Referring now to the system 150 shown in the block diagram of FIG. 3 as well as flowchart 100 of FIG. 2, revenue and cost data are collected in the present embodiment by interacting directly with the telecommunications service provider's external operating systems. Preferably, the data are gathered directly from the systems in which they are generated. For example, the data feeding module 152 may be adapted to interface directly with the telecommunications service provider's customer invoice system in order to receive customer revenue data. Invoice data may be received via batch processes run on a periodic basis, such as once each month corresponding to the telecommunications service provider's billing cycle, every evening at the close of business, or on some other periodic basis. In other cases it may be desirable to receive the data directly as soon as the data are available on a real-time or near real-time basis. The data feeding module 152 may similarly interface directly with the telecommunications service provider's network control systems to receive revenue data based on interconnection traffic.

The data feeding module may likewise interface directly with the telecommunications service provider's other external systems to collect cost data. Preferably the data feeding module 154 collects the cost data directly from the systems in which the data are created. For example, the data feeding module 154 may interface directly with the telecommunications service provider's ERP system in order to collect subscriber acquisition costs. Subscriber retention costs may be received from Campaign Management systems. Call center, technical service and service inquiries data may be received from Customer Relations Management systems 156. The Bureau Services costs may be received from ERP systems. Finally, usage cost data may be received from Billing, Interconnection or other specialized systems. In all cases the interfaces between the various systems supplying the information and the data feeding module are such that all data necessary to identify and allocate the revenue and cost data are provided in a manner consistent with the requirements of the system and for storage in the profitability data mart 158.

In addition to cost and revenue data, customer attribute data may also be stored in the profitability data mart 158. Like the cost and revenue data, the customer attribute data may be collected directly from the systems that create the data, or wherever the customer attribute data are typically stored. For Example, customer attribute data may be received from customer intake systems that are invoked when a new customer is acquired, or from CRM systems which store customer data. Additional attributes may be derived from the customer profitability analysis itself. Alternatively, customer attribute data may be received from a data warehouse or other application. A robust set of customer attributes allows customer profitability to be analyzed from multiple vantage points, such as across different market segments, different subscriber types, geographical regions, profitability tiers, age groups, and the like. The reporting module 164 uses the attribute data to filter the profitability KPIs to create meaningful reports that show the differences between different classes of customers.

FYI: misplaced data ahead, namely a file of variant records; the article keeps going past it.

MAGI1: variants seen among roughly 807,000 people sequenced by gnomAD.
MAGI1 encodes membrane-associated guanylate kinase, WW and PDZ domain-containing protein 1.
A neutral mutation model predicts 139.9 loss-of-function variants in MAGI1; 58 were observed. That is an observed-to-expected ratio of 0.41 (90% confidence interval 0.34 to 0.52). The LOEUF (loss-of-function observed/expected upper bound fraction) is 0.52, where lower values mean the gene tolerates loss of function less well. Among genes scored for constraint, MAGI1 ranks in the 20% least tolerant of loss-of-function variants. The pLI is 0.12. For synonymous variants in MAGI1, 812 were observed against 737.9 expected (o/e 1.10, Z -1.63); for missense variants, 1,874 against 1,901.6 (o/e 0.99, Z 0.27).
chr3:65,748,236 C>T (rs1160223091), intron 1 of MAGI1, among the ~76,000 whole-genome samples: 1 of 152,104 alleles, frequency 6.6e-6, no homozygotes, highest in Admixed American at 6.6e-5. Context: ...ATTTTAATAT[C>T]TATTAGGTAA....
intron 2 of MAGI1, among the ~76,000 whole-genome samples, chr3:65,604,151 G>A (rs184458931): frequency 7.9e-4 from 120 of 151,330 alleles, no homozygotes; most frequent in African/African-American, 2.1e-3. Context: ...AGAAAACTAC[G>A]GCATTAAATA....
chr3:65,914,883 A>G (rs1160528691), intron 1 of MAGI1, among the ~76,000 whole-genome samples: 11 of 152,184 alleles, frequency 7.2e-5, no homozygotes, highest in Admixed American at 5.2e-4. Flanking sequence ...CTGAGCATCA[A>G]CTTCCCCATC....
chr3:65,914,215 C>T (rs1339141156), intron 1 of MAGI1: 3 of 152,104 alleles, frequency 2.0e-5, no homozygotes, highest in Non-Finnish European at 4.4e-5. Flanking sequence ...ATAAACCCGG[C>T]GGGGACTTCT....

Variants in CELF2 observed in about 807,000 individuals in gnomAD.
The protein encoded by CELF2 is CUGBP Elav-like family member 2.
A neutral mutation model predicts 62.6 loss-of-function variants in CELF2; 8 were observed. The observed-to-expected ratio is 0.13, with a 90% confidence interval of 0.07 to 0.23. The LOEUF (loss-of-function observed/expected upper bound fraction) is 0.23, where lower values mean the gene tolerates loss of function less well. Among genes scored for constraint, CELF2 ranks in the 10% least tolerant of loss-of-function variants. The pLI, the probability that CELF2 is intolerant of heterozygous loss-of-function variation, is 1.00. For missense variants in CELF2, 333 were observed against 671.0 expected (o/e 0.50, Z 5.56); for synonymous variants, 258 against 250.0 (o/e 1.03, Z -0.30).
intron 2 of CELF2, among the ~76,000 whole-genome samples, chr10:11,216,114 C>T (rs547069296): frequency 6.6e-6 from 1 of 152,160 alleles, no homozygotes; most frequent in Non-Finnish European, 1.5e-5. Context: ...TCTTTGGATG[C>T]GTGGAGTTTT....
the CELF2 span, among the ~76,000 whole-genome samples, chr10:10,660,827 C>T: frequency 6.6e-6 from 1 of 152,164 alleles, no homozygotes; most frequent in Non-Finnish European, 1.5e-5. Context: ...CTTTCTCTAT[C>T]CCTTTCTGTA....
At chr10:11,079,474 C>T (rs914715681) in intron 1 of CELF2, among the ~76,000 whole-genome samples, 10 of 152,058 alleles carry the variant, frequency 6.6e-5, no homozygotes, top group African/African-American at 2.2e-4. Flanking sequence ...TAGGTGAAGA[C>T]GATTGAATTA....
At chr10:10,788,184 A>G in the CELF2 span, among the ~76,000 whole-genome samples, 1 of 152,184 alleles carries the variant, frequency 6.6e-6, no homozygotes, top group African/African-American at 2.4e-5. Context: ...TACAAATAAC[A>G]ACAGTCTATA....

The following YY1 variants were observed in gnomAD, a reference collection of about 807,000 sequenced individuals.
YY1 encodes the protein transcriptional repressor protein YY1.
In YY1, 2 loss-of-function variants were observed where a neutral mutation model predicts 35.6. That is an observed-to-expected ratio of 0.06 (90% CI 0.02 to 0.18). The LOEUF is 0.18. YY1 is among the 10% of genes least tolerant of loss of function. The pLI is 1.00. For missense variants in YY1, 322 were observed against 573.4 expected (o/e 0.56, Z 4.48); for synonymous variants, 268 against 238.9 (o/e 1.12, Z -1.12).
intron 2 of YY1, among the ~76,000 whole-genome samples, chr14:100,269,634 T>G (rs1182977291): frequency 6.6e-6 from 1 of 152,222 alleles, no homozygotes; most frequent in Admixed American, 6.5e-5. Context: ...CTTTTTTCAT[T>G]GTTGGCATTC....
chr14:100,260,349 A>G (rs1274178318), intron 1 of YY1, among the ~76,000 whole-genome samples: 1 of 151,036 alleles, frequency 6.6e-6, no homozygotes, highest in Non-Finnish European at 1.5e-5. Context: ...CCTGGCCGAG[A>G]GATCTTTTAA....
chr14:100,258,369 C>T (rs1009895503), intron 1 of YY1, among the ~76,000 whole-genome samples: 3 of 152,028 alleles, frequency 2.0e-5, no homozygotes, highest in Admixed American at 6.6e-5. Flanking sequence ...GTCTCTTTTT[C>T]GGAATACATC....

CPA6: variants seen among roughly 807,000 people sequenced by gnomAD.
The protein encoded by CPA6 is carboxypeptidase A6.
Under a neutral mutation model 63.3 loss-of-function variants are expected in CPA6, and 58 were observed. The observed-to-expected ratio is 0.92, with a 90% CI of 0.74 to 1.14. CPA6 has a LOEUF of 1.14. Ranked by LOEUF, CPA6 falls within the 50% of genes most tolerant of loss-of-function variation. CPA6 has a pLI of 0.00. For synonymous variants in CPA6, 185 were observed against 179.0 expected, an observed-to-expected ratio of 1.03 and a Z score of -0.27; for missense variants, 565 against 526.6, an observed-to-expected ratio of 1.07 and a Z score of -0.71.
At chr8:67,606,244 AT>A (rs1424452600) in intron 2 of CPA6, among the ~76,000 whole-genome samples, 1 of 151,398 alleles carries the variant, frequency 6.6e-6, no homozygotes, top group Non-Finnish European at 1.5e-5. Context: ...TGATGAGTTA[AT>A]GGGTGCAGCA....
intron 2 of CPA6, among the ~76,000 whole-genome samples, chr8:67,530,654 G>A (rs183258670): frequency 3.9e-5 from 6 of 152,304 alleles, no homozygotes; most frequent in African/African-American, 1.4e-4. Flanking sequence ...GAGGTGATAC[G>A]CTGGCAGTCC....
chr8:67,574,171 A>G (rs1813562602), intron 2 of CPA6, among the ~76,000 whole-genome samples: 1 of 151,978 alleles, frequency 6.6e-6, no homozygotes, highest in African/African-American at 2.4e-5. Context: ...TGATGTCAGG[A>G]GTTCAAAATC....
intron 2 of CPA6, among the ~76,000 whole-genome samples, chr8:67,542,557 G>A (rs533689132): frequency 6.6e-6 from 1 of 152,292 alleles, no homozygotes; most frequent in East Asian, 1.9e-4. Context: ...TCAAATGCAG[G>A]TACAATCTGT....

The GUI 162 may be for example, a web based intranet site. FIG. 6 shows a home page 300 for an intranet web based GUI. The home page 300 includes a welcome message 302, instructions for navigating through the site 304, editable content such as news and highlights 306, and a navigation tree 308. A user may navigate through the site by selecting the various headings associated with the branches of the navigation tree. The navigation tree remains present in the margin framing the content of the various pages of the site. A complete version of a navigation tree 308 with each heading fully expanded is shown in FIG. 7. According to this embodiment, a user may view handset subsidy data, for example, by expanding the SAC subscriber acquisition folder 310 and selecting the handset subsidies document 312 displayed thereunder. All of the other areas within the GUI intranet web site are accessed in the same manner.

FIG. 8 shows a GUI intranet web page 330 for displaying call center data. The call center display page is accessed by expanding the customer care folder 314 on the navigation tree 308 and selecting the call center document 314 displayed below the customer care folder 316. The call center display page 330 displays records 332 relating to call center costs. Each record includes fields identifying the record number 334, a market segment 336, a contact reason 338, an amount 340, a start date 342, and an end date 344. Each record 332 relates to a defined call center activity, i.e. handling various types of customer calls. The segment 336 identifies whether the caller is a business customer or a residential customer (or some other designation if other market segments are defined). A plurality of contact reasons 338 are defined for categorizing the various reasons why customers call the call center. For example, the contact reasons shown in FIG. 8 include “new product purchase;” “general information;” “bill inquiry;” and “technical problem.” The cost entry 304 defines the cost associated with the various call center activities. The start and end dates 342, 344 define the period during which the record will be in effect. For example, according to record no. 1 a call from a residential customer for the purchase of a new product will bear a cost of $2.04 if it occurs between Jan. 1, 2001 and Dec. 31, 2003. New records defining new call center activities may be added by selecting the add button 346. Records may be altered by selecting the edit button 348 associated with the record.